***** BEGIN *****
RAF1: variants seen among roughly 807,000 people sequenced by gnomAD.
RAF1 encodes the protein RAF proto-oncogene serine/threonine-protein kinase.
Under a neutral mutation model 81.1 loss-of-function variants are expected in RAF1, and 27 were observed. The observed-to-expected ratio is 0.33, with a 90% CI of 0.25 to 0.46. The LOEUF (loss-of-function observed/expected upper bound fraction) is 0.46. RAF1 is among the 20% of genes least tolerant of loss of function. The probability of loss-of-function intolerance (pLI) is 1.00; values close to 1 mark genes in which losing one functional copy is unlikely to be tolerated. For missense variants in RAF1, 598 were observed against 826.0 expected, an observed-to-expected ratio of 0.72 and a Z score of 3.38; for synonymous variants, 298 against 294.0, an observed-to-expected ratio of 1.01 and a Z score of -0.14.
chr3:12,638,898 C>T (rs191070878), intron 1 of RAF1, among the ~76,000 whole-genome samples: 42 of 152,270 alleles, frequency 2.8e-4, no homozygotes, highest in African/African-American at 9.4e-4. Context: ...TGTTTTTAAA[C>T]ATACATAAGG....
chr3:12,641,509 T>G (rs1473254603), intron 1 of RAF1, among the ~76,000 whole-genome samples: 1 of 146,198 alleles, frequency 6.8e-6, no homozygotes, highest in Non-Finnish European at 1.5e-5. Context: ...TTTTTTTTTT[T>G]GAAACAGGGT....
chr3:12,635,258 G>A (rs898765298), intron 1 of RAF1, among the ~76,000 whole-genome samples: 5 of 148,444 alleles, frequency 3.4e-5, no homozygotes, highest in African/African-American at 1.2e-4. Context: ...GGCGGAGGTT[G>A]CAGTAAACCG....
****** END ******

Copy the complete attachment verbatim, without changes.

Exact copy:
RAF1: variants seen among roughly 807,000 people sequenced by gnomAD.
RAF1 encodes the protein RAF proto-oncogene serine/threonine-protein kinase.
Under a neutral mutation model 81.1 loss-of-function variants are expected in RAF1, and 27 were observed. The observed-to-expected ratio is 0.33, with a 90% CI of 0.25 to 0.46. The LOEUF (loss-of-function observed/expected upper bound fraction) is 0.46. RAF1 is among the 20% of genes least tolerant of loss of function. The probability of loss-of-function intolerance (pLI) is 1.00; values close to 1 mark genes in which losing one functional copy is unlikely to be tolerated. For missense variants in RAF1, 598 were observed against 826.0 expected, an observed-to-expected ratio of 0.72 and a Z score of 3.38; for synonymous variants, 298 against 294.0, an observed-to-expected ratio of 1.01 and a Z score of -0.14.
chr3:12,638,898 C>T (rs191070878), intron 1 of RAF1, among the ~76,000 whole-genome samples: 42 of 152,270 alleles, frequency 2.8e-4, no homozygotes, highest in African/African-American at 9.4e-4. Context: ...TGTTTTTAAA[C>T]ATACATAAGG....
chr3:12,641,509 T>G (rs1473254603), intron 1 of RAF1, among the ~76,000 whole-genome samples: 1 of 146,198 alleles, frequency 6.8e-6, no homozygotes, highest in Non-Finnish European at 1.5e-5. Context: ...TTTTTTTTTT[T>G]GAAACAGGGT....
chr3:12,635,258 G>A (rs898765298), intron 1 of RAF1, among the ~76,000 whole-genome samples: 5 of 148,444 alleles, frequency 3.4e-5, no homozygotes, highest in African/African-American at 1.2e-4. Context: ...GGCGGAGGTT[G>A]CAGTAAACCG....